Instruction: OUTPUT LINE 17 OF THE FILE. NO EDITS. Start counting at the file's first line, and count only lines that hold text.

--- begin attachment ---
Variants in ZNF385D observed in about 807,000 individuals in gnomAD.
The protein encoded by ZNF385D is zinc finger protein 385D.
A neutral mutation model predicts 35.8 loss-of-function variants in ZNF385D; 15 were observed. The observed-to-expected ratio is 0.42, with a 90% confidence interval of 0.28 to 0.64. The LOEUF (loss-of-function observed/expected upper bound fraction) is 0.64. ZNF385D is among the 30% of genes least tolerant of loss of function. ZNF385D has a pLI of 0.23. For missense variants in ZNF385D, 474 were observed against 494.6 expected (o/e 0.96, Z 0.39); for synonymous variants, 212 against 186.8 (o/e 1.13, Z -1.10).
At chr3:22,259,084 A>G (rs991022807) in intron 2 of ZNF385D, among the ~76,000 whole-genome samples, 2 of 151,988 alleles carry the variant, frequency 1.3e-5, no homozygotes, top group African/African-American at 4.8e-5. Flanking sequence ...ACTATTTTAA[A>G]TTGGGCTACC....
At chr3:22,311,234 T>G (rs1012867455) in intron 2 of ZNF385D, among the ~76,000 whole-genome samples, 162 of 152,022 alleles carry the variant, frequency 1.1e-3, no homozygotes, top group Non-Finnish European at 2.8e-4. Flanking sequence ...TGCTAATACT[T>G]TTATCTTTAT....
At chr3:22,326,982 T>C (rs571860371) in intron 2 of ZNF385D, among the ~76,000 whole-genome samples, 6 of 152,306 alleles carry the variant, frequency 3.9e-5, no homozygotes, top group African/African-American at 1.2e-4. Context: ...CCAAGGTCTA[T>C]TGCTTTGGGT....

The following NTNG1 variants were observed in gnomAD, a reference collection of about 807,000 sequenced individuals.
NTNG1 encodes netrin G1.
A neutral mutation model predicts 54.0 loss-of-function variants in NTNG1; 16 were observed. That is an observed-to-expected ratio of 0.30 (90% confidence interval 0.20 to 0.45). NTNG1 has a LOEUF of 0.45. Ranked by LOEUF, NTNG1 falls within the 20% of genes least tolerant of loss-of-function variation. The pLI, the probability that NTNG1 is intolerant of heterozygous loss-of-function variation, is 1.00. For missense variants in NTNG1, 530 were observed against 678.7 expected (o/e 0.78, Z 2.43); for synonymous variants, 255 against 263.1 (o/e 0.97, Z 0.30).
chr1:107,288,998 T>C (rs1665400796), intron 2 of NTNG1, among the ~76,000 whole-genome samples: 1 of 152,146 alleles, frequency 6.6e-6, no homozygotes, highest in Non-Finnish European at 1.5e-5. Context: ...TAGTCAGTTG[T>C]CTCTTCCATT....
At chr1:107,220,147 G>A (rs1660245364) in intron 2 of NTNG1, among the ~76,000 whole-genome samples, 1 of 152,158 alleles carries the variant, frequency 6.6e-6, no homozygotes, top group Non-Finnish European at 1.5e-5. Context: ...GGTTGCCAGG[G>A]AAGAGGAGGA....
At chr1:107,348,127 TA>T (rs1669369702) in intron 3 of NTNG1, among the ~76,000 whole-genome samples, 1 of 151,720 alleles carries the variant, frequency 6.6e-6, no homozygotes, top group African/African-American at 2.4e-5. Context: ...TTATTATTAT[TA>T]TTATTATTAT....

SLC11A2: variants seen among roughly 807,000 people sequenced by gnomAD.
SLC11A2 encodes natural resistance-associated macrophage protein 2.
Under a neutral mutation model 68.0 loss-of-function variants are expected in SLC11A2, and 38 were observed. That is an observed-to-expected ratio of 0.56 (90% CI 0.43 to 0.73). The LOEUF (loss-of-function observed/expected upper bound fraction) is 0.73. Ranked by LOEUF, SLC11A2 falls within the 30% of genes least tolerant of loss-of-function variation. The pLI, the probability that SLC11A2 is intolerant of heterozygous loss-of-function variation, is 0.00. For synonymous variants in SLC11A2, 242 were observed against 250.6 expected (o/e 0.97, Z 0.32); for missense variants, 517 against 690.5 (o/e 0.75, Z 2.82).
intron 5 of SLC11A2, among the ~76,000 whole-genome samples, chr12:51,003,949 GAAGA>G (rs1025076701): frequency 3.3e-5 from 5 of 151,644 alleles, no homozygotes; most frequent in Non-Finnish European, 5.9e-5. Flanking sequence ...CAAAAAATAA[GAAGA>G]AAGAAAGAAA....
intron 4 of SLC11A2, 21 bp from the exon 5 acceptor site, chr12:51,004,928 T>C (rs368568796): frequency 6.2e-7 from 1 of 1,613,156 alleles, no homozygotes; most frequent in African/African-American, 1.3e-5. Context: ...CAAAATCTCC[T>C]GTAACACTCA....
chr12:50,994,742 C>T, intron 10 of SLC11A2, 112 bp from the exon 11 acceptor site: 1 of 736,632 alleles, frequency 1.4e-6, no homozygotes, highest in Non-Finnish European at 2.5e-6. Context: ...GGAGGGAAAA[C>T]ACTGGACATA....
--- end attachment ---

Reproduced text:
intron 4 of SLC11A2, 21 bp from the exon 5 acceptor site, chr12:51,004,928 T>C (rs368568796): frequency 6.2e-7 from 1 of 1,613,156 alleles, no homozygotes; most frequent in African/African-American, 1.3e-5. Context: ...CAAAATCTCC[T>C]GTAACACTCA....